How To Keep Your Customers Coming Back

What's the secret to keeping your customers?

Who doesn’t like it when a customer walks back through that door or buys another item from the website?

But what is it that makes a customer “loyal” to a brand? And how can retailers harness and exploit this trait?

The folks at Internet Retailer took a look at brand loyalty, the importance of customer retention programs and why it’s cheaper to retain an existing customer than market to a new one by surveying hundreds of eCommerce companies and executives.

“Customer loyalty is more important to retailers than ever before, now that a shopper can so easily click to a competitor’s website or find another place to buy with an online search,” according to the survey. “What hasn’t changed is that the cost of acquiring a new customer remains far more expensive than keeping an existing one. Yet, according to Adobe’s 2014 Loyal Shopper’s Report, retailers were spending 22 percent of their budget on retention marketing — far less than the amount they dedicated to customer acquisition, even though existing customers drove 41 percent of revenue. It’s safe to say that, historically, customer retention programs haven’t exactly been top of mind for retail marketers.”

The survey, sponsored by Windsor Circle, a customer retention platform provider, surveyed 281 retail executives of companies “across myriad industries and of various sizes” to see what they did to retain customers.

“As the cost of acquiring new customers has risen, retailers are shifting their focus to keeping the ones they have,” said Andrew Pearson, Windsor Circle’s vice president of marketing.

The survey found that 55 percent of respondents were seeing retention rates below 20 percent (customers that have purchased at least three times from the company’s eCommerce site), which was an 8 percent drop from the previous year.

Small businesses had the weakest results in the survey, with only 61 percent of those retailers seeing retention rates below 20 percent.

“There’s a reality for smaller businesses that, in the early years, it’s important to have an acquisition focus, so you wouldn’t expect small retailers to have really high retention rates,” according to Pearson.

Pearson believes, however, that the small companies that became successful and grew, such as and Bonobos, placed a “significant” focus on retaining their existing customers early on.

“That really paid off in their long-term business models,” Pearson said. “Seeds of future success are often planted in the early stage of a business.”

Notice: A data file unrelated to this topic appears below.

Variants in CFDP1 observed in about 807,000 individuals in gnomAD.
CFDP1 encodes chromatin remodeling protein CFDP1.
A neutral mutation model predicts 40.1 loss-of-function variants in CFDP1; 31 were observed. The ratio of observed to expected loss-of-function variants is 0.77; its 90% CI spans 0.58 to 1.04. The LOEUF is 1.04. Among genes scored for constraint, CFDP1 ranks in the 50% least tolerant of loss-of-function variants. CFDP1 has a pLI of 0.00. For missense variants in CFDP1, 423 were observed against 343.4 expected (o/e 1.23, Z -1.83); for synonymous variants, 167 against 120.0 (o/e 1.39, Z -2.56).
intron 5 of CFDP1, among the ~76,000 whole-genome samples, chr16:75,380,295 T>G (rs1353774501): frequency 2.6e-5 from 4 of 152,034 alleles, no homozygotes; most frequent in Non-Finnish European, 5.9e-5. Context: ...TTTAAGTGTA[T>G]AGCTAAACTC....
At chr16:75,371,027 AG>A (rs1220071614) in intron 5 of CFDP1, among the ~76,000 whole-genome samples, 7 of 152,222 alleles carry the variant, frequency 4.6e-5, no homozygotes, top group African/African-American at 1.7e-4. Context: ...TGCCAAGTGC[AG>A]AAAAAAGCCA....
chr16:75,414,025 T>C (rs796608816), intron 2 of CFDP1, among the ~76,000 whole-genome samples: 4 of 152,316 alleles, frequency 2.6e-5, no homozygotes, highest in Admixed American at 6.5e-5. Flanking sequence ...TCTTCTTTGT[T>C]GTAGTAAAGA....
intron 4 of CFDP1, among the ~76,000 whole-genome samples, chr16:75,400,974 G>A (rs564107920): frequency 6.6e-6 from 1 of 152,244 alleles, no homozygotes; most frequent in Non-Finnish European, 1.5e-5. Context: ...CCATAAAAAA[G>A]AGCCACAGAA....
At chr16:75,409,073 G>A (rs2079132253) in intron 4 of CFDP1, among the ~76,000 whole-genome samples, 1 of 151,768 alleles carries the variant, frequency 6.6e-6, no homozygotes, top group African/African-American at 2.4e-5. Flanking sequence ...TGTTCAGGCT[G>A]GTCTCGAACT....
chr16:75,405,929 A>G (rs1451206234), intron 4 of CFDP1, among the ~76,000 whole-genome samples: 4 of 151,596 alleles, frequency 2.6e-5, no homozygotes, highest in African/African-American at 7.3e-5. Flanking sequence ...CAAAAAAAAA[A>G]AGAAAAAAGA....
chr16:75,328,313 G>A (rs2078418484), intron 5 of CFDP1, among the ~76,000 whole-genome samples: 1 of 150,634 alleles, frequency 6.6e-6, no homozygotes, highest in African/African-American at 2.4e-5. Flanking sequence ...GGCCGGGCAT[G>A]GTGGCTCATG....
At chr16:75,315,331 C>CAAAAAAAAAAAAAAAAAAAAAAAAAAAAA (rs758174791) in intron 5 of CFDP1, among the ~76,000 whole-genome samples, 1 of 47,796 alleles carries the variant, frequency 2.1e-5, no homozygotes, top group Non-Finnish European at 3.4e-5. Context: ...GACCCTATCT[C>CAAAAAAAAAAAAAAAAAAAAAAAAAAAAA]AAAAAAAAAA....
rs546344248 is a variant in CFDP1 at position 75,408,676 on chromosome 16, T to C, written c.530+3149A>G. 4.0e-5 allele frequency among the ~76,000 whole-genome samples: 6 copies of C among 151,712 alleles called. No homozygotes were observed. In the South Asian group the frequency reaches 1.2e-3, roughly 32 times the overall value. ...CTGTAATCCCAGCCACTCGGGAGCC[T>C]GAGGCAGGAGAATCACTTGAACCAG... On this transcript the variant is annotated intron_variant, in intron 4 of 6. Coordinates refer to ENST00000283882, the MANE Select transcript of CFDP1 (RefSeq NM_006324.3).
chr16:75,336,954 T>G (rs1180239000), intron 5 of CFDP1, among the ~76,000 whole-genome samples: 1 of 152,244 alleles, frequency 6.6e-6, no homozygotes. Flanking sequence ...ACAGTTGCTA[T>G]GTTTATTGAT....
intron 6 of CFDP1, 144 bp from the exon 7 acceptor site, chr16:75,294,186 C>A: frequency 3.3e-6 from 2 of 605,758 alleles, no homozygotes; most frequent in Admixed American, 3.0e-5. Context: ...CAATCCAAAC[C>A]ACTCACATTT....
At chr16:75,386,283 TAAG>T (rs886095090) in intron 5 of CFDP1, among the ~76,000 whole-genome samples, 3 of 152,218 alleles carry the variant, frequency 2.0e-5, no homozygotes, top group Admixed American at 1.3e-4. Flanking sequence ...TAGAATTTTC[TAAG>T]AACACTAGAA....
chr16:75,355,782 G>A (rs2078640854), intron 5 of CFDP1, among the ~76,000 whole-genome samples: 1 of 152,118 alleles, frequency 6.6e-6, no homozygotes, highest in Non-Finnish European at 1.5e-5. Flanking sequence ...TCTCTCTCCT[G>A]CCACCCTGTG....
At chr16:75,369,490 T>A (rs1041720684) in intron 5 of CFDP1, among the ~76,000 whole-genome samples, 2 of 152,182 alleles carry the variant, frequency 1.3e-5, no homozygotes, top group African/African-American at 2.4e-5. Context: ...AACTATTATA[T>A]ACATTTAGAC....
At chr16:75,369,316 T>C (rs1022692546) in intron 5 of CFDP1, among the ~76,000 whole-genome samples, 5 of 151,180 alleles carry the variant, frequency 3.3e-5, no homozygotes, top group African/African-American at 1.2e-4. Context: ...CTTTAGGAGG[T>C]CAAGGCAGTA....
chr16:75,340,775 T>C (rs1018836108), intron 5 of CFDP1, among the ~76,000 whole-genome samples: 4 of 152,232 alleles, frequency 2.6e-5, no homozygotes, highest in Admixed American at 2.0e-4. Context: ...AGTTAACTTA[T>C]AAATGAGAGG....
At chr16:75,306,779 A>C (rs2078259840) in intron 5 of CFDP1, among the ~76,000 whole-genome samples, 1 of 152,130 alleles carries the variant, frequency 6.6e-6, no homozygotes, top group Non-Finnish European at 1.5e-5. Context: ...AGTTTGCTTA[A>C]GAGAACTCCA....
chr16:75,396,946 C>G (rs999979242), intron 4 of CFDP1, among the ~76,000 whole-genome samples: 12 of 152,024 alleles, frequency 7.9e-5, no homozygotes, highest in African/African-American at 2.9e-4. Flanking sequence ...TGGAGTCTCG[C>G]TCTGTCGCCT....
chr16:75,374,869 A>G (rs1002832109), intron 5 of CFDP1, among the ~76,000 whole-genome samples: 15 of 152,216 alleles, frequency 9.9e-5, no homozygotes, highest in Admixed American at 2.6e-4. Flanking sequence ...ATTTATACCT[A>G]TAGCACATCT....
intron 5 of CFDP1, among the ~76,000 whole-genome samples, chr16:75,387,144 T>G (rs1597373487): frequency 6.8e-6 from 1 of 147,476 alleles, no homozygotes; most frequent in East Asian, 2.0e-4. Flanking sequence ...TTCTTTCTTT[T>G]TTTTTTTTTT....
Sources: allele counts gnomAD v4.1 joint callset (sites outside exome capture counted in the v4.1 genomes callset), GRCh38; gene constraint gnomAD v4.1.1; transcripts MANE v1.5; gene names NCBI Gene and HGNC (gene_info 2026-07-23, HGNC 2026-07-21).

When it came to medium-sized businesses, 47 percent of those respondents reported retention rates below 20 percent, 21 percent reported retention rates of 21–50 percent and 15 percent said they had retention rates above 50 percent (17 percent responded that they did not know their customer retention rates).

More than half of large retailers (those that made more than $25 million a year in online sales) surveyed — 51 percent — were seeing retention rates below 20 percent.

“Larger organizations are recognizing the value and importance of retention, and they’re planning for it, they’re budgeting for it, they’re implementing it,” Pearson says. “But they also tend to have more resources available to them and a degree of sophistication that may be lacking in small and medium businesses.”

Large retailers made up 27 percent of the overall survey but amounted to 34 percent of the retailers that did not know their retention rate.

“There is a common gap among many eCommerce businesses that retention rates have not been a primary metric marketers are tracking, and often, they haven’t been taught to track it,” according to Pearson. “And because there are barriers to calculating this key metric, what’s happening is they’re making decisions based on other metrics that may not be as critical to long-term success. Retailers need clarity into retention rate metrics and related insights and implement tools and best practices that drive long-term revenue and profitability.”

But many retailers are starting to recognize the importance of customer retention and devoting more resources and dollars to it.

In 2015, 38 percent of respondents said they were allocating more than 30 percent of their marketing budget to customer retention efforts, but that number rose to 59 percent of retailers surveyed this year.

As the amount of new online customers shrinks (because there’s only ever going to be so many in the first place), Pearson believes that retailers need to get used to the new reality that it’s better to retain an existing customer than go hunting for a new one.

“Macquarie Research reported that Amazon has already captured about 23 percent of retail sales and an estimated 51 percent of all eCommerce orders in the U.S. Additionally, more big boxes are entering the eCommerce fray, so the landscape is filling up,” Pearson said. “So, a lot of retailers need to spend more on retaining their customers because it’s too expensive and frankly unprofitable to keep dumping money into acquisition.”



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